Sofia (sōfēˈə, sōˈfēə) [key], Bulg. Sofiya, city (1993 pop. 1,114,476), capital of Bulgaria, W central Bulgaria, on a high plain surrounded by the Balkan Mts. It is Bulgaria's chief industrial, transportation, and commercial center. Among the chief manufactures are engineering and metal products, foodstuffs, textiles, rubber and leather goods, furniture, footwear, and chemicals.
A Thracian settlement once occupied the site of Sofia. It was taken by the Romans in A.D. 29 and flourished, especially, under the Emperor Trajan, as Sardica. Destroyed by the Huns in 447, the city was rebuilt (6th cent.) by Byzantine emperor Justinian I and renamed Triaditsa by the Byzantines. It formed part of the first Bulgarian kingdom (809–1018), reverted to the Byzantines (1018–1186), and was included in the second Bulgarian kingdom (1186–1382). Known as Sredets under the Bulgars, it was renamed Sofia or Sophya in 1376. Sofia passed to the Ottomans in 1382 and became the residence of the Turkish governors of Rumelia. Taken by the Russians in the Russo-Turkish War of 1877–78, it became (1879) the capital of newly independent Bulgaria. During World War II the Russians captured Sofia from the Germans (1944).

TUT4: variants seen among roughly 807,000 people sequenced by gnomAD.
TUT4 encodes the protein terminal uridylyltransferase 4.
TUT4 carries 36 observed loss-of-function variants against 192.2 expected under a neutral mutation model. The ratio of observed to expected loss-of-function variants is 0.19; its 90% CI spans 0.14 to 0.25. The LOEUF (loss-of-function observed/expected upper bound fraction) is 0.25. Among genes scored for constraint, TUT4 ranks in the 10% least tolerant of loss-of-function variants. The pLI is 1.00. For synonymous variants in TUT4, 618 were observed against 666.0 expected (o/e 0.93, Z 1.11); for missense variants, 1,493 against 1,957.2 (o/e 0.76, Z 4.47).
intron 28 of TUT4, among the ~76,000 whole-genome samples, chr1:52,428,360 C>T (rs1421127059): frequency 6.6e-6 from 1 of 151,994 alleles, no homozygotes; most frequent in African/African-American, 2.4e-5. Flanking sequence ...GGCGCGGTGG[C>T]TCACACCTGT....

The city has a university (founded 1889) and numerous other educational and cultural facilities. It is the see of an Eastern Orthodox metropolitan and of a Roman Catholic bishop and also retains many old churches, mosques, and synagogues. Landmarks include the parliament building, the state opera house, the former royal palace, the Church of St. George (4th–5th cent.), the Church of St. Sofia (6th–7th cent.), the Banya Bashi mosque (1474), and the Alexander Nevski Cathedral.